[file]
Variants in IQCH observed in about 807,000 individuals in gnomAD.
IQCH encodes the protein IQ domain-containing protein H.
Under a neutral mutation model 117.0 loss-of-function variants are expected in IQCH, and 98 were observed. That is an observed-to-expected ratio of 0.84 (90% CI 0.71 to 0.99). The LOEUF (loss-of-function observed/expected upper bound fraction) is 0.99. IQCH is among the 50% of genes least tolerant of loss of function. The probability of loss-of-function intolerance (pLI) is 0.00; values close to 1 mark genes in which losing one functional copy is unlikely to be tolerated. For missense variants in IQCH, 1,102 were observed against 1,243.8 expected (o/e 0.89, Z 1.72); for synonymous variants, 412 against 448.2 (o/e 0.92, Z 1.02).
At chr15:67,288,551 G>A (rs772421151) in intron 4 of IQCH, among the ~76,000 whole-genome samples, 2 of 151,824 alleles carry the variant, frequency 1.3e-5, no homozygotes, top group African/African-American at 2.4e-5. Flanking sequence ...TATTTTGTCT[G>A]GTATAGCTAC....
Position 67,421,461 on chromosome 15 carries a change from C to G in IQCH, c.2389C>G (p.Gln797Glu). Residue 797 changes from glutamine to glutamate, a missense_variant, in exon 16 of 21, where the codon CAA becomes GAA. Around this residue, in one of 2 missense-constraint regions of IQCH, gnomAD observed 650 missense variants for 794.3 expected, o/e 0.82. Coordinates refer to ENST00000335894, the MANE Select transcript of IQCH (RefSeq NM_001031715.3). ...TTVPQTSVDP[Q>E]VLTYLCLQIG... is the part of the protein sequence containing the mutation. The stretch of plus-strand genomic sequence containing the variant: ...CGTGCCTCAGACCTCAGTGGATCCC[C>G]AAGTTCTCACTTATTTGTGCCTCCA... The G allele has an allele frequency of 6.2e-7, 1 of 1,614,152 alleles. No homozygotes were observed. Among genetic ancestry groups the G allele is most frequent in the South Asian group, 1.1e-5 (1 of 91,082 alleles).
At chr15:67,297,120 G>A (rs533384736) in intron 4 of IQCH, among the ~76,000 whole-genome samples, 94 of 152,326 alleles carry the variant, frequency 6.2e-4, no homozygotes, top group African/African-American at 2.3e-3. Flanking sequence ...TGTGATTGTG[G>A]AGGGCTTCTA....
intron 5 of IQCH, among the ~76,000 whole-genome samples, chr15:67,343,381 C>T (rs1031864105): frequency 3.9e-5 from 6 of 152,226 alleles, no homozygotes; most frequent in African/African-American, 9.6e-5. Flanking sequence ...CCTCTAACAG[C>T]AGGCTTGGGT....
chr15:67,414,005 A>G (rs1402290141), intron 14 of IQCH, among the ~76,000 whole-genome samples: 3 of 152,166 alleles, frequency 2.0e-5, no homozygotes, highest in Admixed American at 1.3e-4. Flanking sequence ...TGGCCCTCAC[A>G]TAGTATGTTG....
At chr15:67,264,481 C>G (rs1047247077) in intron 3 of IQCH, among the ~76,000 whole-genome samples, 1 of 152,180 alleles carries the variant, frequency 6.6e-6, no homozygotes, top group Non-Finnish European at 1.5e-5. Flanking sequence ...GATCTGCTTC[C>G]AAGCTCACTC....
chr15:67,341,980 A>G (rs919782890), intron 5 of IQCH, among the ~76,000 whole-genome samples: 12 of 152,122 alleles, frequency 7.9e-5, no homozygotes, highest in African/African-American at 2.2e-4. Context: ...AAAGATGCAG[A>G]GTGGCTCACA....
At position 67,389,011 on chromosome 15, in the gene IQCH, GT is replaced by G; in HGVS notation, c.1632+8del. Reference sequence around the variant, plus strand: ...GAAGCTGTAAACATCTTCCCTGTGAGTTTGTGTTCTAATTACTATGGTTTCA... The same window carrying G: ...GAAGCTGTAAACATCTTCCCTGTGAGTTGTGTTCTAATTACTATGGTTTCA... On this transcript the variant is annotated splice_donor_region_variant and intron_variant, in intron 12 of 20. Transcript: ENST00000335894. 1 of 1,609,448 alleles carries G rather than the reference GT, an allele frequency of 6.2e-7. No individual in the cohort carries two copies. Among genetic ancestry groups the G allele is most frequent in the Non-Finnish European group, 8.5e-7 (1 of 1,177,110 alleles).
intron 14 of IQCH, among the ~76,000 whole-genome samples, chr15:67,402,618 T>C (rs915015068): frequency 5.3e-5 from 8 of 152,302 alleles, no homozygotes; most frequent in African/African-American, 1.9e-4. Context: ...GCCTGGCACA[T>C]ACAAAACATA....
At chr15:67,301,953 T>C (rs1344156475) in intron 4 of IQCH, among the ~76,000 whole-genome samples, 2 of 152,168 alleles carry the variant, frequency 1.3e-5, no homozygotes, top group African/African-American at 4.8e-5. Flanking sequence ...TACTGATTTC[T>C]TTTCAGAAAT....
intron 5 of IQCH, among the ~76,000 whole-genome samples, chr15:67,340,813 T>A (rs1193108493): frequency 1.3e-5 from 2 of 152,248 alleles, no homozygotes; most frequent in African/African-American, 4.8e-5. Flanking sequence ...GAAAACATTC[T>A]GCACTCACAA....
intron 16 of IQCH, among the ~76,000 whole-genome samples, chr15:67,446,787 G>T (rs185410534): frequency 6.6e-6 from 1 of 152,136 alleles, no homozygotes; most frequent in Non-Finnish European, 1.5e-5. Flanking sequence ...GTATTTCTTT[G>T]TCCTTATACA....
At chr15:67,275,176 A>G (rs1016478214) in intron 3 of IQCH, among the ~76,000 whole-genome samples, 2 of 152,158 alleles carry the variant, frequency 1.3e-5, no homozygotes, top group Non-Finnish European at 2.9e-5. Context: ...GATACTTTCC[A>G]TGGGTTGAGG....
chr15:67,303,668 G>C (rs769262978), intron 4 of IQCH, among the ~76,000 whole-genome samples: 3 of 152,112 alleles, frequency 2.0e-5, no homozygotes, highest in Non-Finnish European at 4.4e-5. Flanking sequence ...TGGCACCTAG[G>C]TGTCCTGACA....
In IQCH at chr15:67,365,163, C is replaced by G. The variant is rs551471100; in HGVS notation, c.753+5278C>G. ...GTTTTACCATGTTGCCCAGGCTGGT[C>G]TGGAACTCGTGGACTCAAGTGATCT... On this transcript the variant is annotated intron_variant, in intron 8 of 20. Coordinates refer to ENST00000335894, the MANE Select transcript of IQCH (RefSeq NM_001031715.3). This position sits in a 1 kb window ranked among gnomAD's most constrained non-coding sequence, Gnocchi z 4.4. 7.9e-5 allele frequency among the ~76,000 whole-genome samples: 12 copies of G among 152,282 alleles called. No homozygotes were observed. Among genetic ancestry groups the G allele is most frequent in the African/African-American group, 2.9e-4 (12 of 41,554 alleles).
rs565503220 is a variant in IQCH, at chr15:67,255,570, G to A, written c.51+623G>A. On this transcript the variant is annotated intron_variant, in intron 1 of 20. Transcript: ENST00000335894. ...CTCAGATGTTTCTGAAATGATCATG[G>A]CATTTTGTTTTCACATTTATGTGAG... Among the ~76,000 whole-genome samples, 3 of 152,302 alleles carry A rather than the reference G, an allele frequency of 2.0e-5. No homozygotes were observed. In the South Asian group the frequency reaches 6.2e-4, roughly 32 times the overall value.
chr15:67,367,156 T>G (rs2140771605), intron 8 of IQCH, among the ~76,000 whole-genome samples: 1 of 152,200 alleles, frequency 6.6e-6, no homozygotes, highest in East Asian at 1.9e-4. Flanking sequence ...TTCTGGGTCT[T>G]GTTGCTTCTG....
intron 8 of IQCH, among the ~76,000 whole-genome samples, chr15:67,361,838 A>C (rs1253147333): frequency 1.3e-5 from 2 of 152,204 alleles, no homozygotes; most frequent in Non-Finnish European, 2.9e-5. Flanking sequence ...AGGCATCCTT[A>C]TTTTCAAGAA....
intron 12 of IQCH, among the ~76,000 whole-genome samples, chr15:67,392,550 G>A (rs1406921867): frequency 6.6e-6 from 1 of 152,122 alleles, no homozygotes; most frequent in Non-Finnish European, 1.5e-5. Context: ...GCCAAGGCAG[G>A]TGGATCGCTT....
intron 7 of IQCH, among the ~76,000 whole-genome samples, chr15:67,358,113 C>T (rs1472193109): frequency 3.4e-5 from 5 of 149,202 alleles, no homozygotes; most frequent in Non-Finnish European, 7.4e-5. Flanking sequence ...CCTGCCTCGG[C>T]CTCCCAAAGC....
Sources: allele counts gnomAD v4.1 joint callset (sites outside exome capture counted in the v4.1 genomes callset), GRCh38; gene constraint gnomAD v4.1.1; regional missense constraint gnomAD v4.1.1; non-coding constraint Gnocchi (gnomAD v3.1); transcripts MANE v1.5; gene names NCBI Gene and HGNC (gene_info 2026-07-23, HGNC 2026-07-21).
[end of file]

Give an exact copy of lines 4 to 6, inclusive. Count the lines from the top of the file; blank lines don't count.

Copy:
At chr15:67,288,551 G>A (rs772421151) in intron 4 of IQCH, among the ~76,000 whole-genome samples, 2 of 151,824 alleles carry the variant, frequency 1.3e-5, no homozygotes, top group African/African-American at 2.4e-5. Flanking sequence ...TATTTTGTCT[G>A]GTATAGCTAC....
Position 67,421,461 on chromosome 15 carries a change from C to G in IQCH, c.2389C>G (p.Gln797Glu). Residue 797 changes from glutamine to glutamate, a missense_variant, in exon 16 of 21, where the codon CAA becomes GAA. Around this residue, in one of 2 missense-constraint regions of IQCH, gnomAD observed 650 missense variants for 794.3 expected, o/e 0.82. Coordinates refer to ENST00000335894, the MANE Select transcript of IQCH (RefSeq NM_001031715.3). ...TTVPQTSVDP[Q>E]VLTYLCLQIG... is the part of the protein sequence containing the mutation. The stretch of plus-strand genomic sequence containing the variant: ...CGTGCCTCAGACCTCAGTGGATCCC[C>G]AAGTTCTCACTTATTTGTGCCTCCA... The G allele has an allele frequency of 6.2e-7, 1 of 1,614,152 alleles. No homozygotes were observed. Among genetic ancestry groups the G allele is most frequent in the South Asian group, 1.1e-5 (1 of 91,082 alleles).
At chr15:67,297,120 G>A (rs533384736) in intron 4 of IQCH, among the ~76,000 whole-genome samples, 94 of 152,326 alleles carry the variant, frequency 6.2e-4, no homozygotes, top group African/African-American at 2.3e-3. Flanking sequence ...TGTGATTGTG[G>A]AGGGCTTCTA....